Book Review: Freedom’s Song

Freedom’s Song
by Kim Vogel Sawyer

My rating: 3 / 5
Genre: Christian historical romance

When an escaped indentured riverboat singer and a widowed homesteader with a young child to care for meet, they seem to have just what each other needs—she a place to stay and earn some money for a trip to her family in New York and he someone to care for his toddler so he can work. But will it be that simple, especially when a sinister force are lurking out there somewhere?

That synopsis doesn’t cover everything going on in this book, but it is the bulk of it. There are also the escaped slaves that Fanny travels with for a time, but since they are gone by around 30% of the way through the story and don’t have much of a conclusion, their part in the story feels a bit like it’s disconnected from the rest. In the end, I can’t help but wonder exactly why Sawyer chose to include them. I guess to add to the theme of “freedom” throughout the story, but it seems a bit heavy-handed at that point. None of that is bad, necessarily, and it does give the reader some early insight into Fanny’s character, so at least there’s that.

As for the main characters, Fanny and Walter, both of them seemed a little too “good.” Neither of them really had any faults that were brought out in the story, aside from the faux faults perceived only by themselves, that anyone with a more objective view would easily tell them they were silly for considering a fault. Walter was a little less confident than he’d once been, and I suppose Fanny doesn’t know how to be a homesteader, but it’s more endearing than anything. Both of them drove me nuts with the periodic mental berating over mistakes and bad choices that they thought must mean that God wouldn’t want to hear from them anymore.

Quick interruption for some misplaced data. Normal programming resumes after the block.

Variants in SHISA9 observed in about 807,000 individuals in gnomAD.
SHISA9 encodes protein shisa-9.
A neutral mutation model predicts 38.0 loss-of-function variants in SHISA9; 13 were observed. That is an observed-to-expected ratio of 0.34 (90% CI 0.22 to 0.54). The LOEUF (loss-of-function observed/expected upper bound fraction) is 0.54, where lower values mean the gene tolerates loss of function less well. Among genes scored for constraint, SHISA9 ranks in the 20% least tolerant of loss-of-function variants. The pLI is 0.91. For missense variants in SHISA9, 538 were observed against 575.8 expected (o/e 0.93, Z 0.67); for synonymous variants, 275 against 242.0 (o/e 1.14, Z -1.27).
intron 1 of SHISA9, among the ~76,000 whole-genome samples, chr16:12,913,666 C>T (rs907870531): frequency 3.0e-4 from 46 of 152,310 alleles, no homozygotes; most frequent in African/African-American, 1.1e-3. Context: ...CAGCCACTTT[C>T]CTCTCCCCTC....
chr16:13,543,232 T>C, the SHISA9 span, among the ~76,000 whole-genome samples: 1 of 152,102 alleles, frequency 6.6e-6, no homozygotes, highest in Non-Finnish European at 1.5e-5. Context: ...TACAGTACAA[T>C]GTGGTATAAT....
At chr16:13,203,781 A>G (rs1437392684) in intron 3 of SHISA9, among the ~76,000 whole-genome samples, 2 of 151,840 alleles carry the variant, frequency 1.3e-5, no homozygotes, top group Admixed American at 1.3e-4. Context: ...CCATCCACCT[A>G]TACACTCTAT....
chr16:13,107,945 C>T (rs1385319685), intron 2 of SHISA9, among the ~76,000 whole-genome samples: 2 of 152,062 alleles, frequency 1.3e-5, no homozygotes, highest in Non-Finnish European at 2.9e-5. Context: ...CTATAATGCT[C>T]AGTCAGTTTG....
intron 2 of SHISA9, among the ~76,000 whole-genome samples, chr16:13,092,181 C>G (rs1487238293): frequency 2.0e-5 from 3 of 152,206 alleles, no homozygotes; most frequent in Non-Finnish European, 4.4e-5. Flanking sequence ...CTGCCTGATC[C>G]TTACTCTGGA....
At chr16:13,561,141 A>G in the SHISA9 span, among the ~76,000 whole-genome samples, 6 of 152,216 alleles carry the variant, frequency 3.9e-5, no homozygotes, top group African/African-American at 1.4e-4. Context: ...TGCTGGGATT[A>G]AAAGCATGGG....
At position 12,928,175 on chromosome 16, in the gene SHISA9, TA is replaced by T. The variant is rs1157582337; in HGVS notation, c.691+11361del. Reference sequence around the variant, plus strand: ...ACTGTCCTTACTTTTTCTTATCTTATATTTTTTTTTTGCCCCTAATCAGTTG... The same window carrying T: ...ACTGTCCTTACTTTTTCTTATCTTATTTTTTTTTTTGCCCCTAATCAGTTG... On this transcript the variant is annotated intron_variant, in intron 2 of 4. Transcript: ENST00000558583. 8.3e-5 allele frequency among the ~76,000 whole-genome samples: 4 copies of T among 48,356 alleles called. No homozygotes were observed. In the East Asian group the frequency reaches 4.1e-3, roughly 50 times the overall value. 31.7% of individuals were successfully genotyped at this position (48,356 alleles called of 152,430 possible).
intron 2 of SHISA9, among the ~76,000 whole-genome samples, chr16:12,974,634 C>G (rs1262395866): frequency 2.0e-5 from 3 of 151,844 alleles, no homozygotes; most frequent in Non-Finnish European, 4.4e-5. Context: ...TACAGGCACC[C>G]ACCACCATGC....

There was also a 3rd perspective in this story, that of the riverboat owner who had indentured Fanny, as he tries to track down a singer to replace her. I don’t think his story really added to the book, and it culminated in a climax that was far too easily resolved. And speaking of Fanny’s indentured state, I think maybe the author should have spent some time going over some of the less-known and less-quoted parts of the Bible, like the book of Philemon.

Kim Vogel Sawyer does write very well, and I really enjoyed the glimpses at different parts of life and parts of the country in 1860 that were presented in this book. However, various parts of this book just didn’t sit right with me, though I’m sure that many other readers of Christian historical romance will be less bothered by what stuck out to me and will enjoy this book.

Thank you to Netgalley and WaterBrook & Multnomah, for providing me a copy of this book to review.

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